Seasons Greetings

I meant to write a post on Christmas Eve or Boxing Day but as it turned out, I was having such a lovely and full time with my family that the right opportunity just didn’t materialise.

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So a bit of a belated Merry Christmas to anyone that might be reading this. I hope you’ve all been having a great time over the holidays. I wrote in a post earlier this month that this was our first Christmas just the four of us and my, what a lovely Christmas it was. Peaceful, fun and purposeful in remembering what we were celebrating. Sophia and Isaac were just brimming with excitement from the morning of Christmas Eve and it didn’t dissipate until the moment they collapsed exhausted and happy into their beds on Boxing Day night. Having said that, I was pleasantly surprised that they weren’t overexcited. We took things at our own pace, went to Church, popped to the pub with some friends for a Christmas drink then pottered home and Isaac had a nap whilst I cooked a hefty chunk of turkey and Dan and Sophia played with some of her presents. We had a delicious meal (if I do say so myself!) before slowly getting the kids to bed and then I coerced Dan into watching Christmas Dr Who with me – it had to be done!

Anyway, I’m not going off on one today (I promise!) so will bid you adieu and leave you with a few pictures from our day. (An aside is that I realised I didn’t get any photos of stocking/present opening which made me a bit sad but Dan surmised that it was good evidence that we’d been enjoying ourselves too much and I’m going with that, I guess it’s better to be in the moment than always recording it – I did remember the obligatory cheesy pose with stockings the night before though!)

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Thoughts on Food

I know I’ve sort of pinched the title from my last post but it is incredibly fitting for the content of my latest incoherent rambling, for I’ve been thinking about food. More specifically, I’ve been thinking about our attitudes to food and how we want our children to think about food. I am aware that this is an incredibly sensitive topic and I’m going to try and proceed as delicately as possible but apologies in advance for any offence, it is definitely not intended!

I love food. Always have done, always will. And I don’t think there is anything wrong with that in itself. But, I do have a tendency to over eat, to comfort eat and to try and feed people to solve sadness. And I no longer think these are healthy attitudes towards food.  I was quite chubby as a child and as a teenager and whilst at university I wasn’t fat but there was definitely more weight on me than my body needed. Weirdly, during both my pregnancies I lost weight. I mean, I obviously put on weight because of the baby bump but not long after the birth of Sophia I was thinner than I’d ever been. For me breastfeeding further aided this process and 6 months after Isaac was born I think I probably fell into the ‘slender’ category, fitting into a dress size 2 sizes smaller than pre children. But both times after breastfeeding the weight started to creep back on.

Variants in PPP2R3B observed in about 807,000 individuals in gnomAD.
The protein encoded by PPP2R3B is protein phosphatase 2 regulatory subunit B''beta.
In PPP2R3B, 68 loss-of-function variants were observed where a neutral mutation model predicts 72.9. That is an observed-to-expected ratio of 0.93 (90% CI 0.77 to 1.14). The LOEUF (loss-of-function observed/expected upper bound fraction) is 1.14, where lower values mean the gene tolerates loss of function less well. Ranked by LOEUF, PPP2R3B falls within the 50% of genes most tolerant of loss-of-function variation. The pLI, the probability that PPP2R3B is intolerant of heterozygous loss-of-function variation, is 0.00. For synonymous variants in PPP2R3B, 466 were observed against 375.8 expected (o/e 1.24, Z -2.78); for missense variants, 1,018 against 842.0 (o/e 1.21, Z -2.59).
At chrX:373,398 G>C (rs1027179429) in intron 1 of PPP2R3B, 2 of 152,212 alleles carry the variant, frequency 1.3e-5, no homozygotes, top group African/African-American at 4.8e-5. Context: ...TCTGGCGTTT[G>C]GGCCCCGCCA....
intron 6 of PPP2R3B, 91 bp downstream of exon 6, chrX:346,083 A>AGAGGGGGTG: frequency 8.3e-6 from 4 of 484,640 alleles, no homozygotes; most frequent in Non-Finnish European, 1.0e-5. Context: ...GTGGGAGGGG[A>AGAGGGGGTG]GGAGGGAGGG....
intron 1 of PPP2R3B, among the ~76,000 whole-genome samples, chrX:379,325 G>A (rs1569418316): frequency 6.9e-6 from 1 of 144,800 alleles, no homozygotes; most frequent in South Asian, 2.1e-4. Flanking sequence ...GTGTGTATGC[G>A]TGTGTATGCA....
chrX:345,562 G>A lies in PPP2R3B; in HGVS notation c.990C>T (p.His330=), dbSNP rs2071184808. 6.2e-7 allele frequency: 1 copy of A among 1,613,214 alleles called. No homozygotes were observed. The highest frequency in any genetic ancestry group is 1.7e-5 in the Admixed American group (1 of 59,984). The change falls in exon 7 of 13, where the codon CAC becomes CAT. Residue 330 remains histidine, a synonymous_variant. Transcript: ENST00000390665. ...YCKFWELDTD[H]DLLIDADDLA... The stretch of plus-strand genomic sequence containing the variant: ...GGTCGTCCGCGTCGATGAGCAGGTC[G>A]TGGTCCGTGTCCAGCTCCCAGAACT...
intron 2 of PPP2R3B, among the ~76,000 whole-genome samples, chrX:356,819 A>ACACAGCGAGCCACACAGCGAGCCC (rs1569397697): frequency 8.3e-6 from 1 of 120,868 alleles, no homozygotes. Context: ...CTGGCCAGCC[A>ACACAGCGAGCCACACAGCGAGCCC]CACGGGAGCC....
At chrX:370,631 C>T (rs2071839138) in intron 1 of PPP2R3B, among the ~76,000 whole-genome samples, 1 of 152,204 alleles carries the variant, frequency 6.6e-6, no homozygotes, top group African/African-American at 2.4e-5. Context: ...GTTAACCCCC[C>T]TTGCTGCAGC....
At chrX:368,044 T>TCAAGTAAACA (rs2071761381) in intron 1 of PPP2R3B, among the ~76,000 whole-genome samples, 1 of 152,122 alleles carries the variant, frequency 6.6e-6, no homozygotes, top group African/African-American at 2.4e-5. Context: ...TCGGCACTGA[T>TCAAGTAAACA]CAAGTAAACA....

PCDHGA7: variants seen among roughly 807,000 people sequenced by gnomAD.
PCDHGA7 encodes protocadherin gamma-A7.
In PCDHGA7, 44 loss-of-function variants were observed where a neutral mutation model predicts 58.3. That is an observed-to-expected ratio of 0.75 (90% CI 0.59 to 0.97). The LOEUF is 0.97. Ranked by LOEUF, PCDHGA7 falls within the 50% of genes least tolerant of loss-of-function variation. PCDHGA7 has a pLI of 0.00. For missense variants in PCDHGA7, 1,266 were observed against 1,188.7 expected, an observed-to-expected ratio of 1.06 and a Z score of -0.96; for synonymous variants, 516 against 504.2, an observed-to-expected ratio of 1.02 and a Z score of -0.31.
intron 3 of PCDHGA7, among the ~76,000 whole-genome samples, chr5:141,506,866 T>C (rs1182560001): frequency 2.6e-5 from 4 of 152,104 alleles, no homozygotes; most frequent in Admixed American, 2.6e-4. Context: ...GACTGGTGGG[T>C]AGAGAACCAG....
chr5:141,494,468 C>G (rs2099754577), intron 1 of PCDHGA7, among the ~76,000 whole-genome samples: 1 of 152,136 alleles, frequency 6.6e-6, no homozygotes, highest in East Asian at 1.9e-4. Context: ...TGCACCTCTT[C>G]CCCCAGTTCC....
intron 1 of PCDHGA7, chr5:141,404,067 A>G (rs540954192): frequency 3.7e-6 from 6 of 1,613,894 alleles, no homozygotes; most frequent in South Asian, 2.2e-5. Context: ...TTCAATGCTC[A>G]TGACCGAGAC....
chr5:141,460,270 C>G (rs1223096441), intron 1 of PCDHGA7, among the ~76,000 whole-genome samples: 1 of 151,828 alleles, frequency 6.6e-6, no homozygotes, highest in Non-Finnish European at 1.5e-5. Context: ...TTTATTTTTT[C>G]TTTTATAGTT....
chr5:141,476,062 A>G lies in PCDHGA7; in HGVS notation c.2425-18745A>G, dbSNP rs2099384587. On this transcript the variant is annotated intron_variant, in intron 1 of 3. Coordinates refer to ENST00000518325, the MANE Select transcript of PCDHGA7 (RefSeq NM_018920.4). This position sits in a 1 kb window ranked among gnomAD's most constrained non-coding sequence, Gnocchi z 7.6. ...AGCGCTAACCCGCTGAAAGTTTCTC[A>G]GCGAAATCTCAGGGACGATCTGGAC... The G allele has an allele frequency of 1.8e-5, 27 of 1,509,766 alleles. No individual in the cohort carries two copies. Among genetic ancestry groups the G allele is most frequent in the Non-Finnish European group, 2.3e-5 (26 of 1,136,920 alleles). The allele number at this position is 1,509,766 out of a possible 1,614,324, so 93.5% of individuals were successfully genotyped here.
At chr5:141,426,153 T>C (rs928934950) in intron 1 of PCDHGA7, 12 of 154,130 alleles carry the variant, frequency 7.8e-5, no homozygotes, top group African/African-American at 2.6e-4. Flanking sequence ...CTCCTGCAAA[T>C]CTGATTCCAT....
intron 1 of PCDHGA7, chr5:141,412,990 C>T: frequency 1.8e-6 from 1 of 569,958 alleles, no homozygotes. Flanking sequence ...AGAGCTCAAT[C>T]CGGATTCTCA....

And this summer I started to think about it all. I felt better at a lower weight, had more energy, more confidence and clinically speaking, was probably healthier. I started to stop snacking when the kids snacked and in the evenings (they need the extra calories as they are constantly moving and their metabolism’s are much quicker and more efficient, me…not so much), ate smaller portions, less cake and chocolate, and tried to make healthier meals for us all. And I didn’t feel particularly hungry at the loss of the extra food, which surprised me. I started exercising more regularly (still probably only twice a week) and found my energy levels and posture improving. So I am trying to keep this change in lifestyle going as it is having a  positive affect on me.

It seems to me that the media either talks about our obesity epidemic or the increase of eating disorders (especially in children). We are going down one of two routes, either so desperate to look good that we starve ourselves or embracing food and not really being sensible about what our body actually needs, only thinking of what our head wants.

At the end of the day, every human being has a different weight that is ideal for them but generally speaking, it’s not going to be extremely heavy or thin. My concern here isn’t so much about beauty or the way we look. Far from it. Although it’s great to feel attractive, it is so subjective. Beauty is in the eye of the beholder after all. So much has already been said about this and the effect it is having on our children (recently I read these two articles which I loved and think are definitely worth a look: When Your Mother Says She’s Fat and A Beautiful Body). I’m very aware of society’s obsession with the way we look and strive to try and counter it if the subject comes up with Sophia and Isaac, I try and focus on characteristics of their personality, deeds they have done, that are beautiful, rather than the way they look (which is hard as I do – biased Mother here – think they are both absolutely gorgeous!) No, my concern is with the actual health of our bodies. Maintaining a good weight is essential for our hearts, our kidneys, livers, bones…pretty much everything!